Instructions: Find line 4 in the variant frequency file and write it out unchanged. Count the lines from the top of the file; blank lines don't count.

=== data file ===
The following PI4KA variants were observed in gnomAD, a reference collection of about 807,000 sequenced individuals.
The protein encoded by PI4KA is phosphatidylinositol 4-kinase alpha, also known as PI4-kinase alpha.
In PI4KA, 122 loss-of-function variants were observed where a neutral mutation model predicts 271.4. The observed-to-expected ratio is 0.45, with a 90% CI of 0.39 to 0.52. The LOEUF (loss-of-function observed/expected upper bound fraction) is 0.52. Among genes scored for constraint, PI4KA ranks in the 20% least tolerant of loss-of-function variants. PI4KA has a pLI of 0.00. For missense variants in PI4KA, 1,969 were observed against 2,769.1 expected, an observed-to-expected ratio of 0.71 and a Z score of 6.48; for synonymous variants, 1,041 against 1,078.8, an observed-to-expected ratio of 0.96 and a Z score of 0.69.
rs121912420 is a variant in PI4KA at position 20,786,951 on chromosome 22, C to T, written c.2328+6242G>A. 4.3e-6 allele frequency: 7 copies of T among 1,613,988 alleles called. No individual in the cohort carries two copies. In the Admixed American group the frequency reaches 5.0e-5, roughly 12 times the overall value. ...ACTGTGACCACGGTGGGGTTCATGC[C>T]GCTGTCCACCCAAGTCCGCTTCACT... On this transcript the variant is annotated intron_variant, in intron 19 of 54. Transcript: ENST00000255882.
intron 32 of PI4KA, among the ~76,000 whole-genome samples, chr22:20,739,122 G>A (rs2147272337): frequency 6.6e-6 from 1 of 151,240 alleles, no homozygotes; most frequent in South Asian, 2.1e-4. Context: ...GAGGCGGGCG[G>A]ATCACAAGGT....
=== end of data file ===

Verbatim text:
rs121912420 is a variant in PI4KA at position 20,786,951 on chromosome 22, C to T, written c.2328+6242G>A. 4.3e-6 allele frequency: 7 copies of T among 1,613,988 alleles called. No individual in the cohort carries two copies. In the Admixed American group the frequency reaches 5.0e-5, roughly 12 times the overall value. ...ACTGTGACCACGGTGGGGTTCATGC[C>T]GCTGTCCACCCAAGTCCGCTTCACT... On this transcript the variant is annotated intron_variant, in intron 19 of 54. Transcript: ENST00000255882.